libssh  0.7.0
Chapter 4: Passing a remote command

Passing a remote command

Previous chapter has shown how to open a full shell session, with an attached terminal or not. If you only need to execute a command on the remote end, you don't need all that complexity.

The method described here is suited for executing only one remote command. If you need to issue several commands in a row, you should consider using a non-interactive remote shell, as explained in previous chapter.

See also
shell

Executing a remote command

The first steps for executing a remote command are identical to those for opening remote shells. You first need a SSH channel, and then a SSH session that uses this channel:

int show_remote_files(ssh_session session)
{
ssh_channel channel;
int rc;
channel = ssh_channel_new(session);
if (channel == NULL) return SSH_ERROR;
rc = ssh_channel_open_session(channel);
if (rc != SSH_OK)
{
ssh_channel_free(channel);
return rc;
}

Once a session is open, you can start the remote command with ssh_channel_request_exec():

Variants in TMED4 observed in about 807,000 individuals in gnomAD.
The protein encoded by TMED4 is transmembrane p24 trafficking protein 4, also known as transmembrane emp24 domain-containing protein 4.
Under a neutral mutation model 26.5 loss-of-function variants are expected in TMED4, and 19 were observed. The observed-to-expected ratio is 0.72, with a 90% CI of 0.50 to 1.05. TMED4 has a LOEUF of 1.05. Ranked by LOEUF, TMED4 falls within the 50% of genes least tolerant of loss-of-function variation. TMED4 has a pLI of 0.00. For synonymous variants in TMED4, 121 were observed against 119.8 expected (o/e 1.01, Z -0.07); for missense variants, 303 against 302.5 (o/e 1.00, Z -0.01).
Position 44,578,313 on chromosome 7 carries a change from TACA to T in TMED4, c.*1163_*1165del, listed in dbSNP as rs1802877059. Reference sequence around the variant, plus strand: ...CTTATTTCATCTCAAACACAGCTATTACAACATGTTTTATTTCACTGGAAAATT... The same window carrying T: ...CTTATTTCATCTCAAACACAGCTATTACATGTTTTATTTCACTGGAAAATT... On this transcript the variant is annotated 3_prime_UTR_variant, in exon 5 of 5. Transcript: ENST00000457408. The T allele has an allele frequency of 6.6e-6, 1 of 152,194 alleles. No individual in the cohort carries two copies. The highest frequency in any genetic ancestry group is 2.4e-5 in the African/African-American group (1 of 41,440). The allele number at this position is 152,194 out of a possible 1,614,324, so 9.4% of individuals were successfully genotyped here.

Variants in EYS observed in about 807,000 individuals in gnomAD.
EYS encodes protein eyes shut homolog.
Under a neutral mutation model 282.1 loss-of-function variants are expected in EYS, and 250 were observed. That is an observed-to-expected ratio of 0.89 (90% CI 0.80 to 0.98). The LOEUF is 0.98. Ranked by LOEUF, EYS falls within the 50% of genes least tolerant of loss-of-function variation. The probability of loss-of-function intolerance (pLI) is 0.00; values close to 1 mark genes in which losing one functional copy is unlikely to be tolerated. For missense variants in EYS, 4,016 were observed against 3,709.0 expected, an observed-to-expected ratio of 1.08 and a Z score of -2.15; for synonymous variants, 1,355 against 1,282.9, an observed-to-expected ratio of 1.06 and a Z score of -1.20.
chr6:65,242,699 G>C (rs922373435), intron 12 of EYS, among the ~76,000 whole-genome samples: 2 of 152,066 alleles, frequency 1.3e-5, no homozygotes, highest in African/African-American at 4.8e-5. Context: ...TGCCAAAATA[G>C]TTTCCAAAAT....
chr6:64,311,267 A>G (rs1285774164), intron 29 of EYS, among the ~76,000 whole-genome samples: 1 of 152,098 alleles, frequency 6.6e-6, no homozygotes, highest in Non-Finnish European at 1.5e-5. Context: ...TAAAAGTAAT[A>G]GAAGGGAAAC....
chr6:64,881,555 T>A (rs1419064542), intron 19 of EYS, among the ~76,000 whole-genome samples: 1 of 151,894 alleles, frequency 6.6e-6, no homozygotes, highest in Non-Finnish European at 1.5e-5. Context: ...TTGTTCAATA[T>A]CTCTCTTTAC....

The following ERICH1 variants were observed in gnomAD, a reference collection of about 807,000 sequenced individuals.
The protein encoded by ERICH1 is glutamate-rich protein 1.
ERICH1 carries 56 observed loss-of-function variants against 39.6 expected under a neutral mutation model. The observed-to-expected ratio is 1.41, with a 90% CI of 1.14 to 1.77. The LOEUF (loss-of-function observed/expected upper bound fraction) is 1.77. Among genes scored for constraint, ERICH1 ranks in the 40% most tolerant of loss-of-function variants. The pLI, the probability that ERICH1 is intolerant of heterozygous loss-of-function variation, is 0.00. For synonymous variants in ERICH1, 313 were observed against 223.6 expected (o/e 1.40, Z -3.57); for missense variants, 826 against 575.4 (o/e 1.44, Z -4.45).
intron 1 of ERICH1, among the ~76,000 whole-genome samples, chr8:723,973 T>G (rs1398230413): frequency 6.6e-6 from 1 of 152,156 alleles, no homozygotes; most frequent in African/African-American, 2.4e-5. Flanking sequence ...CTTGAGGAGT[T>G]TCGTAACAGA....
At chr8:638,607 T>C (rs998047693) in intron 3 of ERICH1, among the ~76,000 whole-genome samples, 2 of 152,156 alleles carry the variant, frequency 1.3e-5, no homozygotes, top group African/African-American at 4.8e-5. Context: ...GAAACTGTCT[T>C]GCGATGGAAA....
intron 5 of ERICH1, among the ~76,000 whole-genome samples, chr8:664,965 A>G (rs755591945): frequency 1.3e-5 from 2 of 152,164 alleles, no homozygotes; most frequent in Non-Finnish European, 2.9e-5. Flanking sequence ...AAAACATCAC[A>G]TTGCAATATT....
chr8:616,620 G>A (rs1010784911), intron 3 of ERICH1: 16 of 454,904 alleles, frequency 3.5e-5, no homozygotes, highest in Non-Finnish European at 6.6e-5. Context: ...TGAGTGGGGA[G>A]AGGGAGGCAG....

rc = ssh_channel_request_exec(channel, "ls -l");
if (rc != SSH_OK)
{
ssh_channel_free(channel);
return rc;
}

If the remote command displays data, you get them with ssh_channel_read(). This function returns the number of bytes read. If there is no more data to read on the channel, this function returns 0, and you can go to next step. If an error has been encountered, it returns a negative value:

char buffer[256];
int nbytes;
nbytes = ssh_channel_read(channel, buffer, sizeof(buffer), 0);
while (nbytes > 0)
{
if (fwrite(buffer, 1, nbytes, stdout) != nbytes)
{
ssh_channel_free(channel);
return SSH_ERROR;
}
nbytes = ssh_channel_read(channel, buffer, sizeof(buffer), 0);
}
if (nbytes < 0)
{
ssh_channel_free(channel);
return SSH_ERROR;
}

Once you read the result of the remote command, you send an end-of-file to the channel, close it, and free the memory that it used:

ssh_channel_free(channel);
return SSH_OK;
}